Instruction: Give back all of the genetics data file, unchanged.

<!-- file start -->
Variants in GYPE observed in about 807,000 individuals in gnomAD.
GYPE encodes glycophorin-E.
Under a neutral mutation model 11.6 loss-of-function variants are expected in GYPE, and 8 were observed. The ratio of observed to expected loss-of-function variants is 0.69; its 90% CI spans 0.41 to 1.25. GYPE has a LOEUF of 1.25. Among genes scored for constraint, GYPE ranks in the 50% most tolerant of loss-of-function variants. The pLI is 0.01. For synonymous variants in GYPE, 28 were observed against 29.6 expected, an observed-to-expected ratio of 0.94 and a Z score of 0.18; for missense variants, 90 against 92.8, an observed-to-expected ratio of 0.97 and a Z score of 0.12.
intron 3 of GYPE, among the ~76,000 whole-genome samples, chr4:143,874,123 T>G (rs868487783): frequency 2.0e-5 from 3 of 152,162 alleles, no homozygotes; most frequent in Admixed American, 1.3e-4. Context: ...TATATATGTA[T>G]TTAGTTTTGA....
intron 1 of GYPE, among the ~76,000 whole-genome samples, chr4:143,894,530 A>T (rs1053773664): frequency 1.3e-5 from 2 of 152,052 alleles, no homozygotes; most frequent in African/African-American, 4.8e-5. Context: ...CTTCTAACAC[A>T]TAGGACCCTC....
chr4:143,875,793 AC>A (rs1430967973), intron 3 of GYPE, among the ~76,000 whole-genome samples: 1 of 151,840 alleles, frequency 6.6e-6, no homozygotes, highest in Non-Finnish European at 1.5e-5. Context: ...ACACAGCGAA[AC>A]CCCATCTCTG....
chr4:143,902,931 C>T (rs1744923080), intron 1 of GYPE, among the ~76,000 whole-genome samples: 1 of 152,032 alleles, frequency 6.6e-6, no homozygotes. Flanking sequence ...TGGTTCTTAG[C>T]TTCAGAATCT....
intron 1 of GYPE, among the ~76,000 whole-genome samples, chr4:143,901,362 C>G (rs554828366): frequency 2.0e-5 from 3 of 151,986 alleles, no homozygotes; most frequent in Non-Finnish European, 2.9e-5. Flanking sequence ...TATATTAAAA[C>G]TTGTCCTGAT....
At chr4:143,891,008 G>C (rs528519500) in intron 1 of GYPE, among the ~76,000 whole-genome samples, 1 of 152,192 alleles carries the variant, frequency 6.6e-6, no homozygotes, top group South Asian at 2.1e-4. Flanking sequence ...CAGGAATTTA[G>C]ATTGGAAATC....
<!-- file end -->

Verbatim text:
Variants in GYPE observed in about 807,000 individuals in gnomAD.
GYPE encodes glycophorin-E.
Under a neutral mutation model 11.6 loss-of-function variants are expected in GYPE, and 8 were observed. The ratio of observed to expected loss-of-function variants is 0.69; its 90% CI spans 0.41 to 1.25. GYPE has a LOEUF of 1.25. Among genes scored for constraint, GYPE ranks in the 50% most tolerant of loss-of-function variants. The pLI is 0.01. For synonymous variants in GYPE, 28 were observed against 29.6 expected, an observed-to-expected ratio of 0.94 and a Z score of 0.18; for missense variants, 90 against 92.8, an observed-to-expected ratio of 0.97 and a Z score of 0.12.
intron 3 of GYPE, among the ~76,000 whole-genome samples, chr4:143,874,123 T>G (rs868487783): frequency 2.0e-5 from 3 of 152,162 alleles, no homozygotes; most frequent in Admixed American, 1.3e-4. Context: ...TATATATGTA[T>G]TTAGTTTTGA....
intron 1 of GYPE, among the ~76,000 whole-genome samples, chr4:143,894,530 A>T (rs1053773664): frequency 1.3e-5 from 2 of 152,052 alleles, no homozygotes; most frequent in African/African-American, 4.8e-5. Context: ...CTTCTAACAC[A>T]TAGGACCCTC....
chr4:143,875,793 AC>A (rs1430967973), intron 3 of GYPE, among the ~76,000 whole-genome samples: 1 of 151,840 alleles, frequency 6.6e-6, no homozygotes, highest in Non-Finnish European at 1.5e-5. Context: ...ACACAGCGAA[AC>A]CCCATCTCTG....
chr4:143,902,931 C>T (rs1744923080), intron 1 of GYPE, among the ~76,000 whole-genome samples: 1 of 152,032 alleles, frequency 6.6e-6, no homozygotes. Flanking sequence ...TGGTTCTTAG[C>T]TTCAGAATCT....
intron 1 of GYPE, among the ~76,000 whole-genome samples, chr4:143,901,362 C>G (rs554828366): frequency 2.0e-5 from 3 of 151,986 alleles, no homozygotes; most frequent in Non-Finnish European, 2.9e-5. Flanking sequence ...TATATTAAAA[C>G]TTGTCCTGAT....
At chr4:143,891,008 G>C (rs528519500) in intron 1 of GYPE, among the ~76,000 whole-genome samples, 1 of 152,192 alleles carries the variant, frequency 6.6e-6, no homozygotes, top group South Asian at 2.1e-4. Flanking sequence ...CAGGAATTTA[G>C]ATTGGAAATC....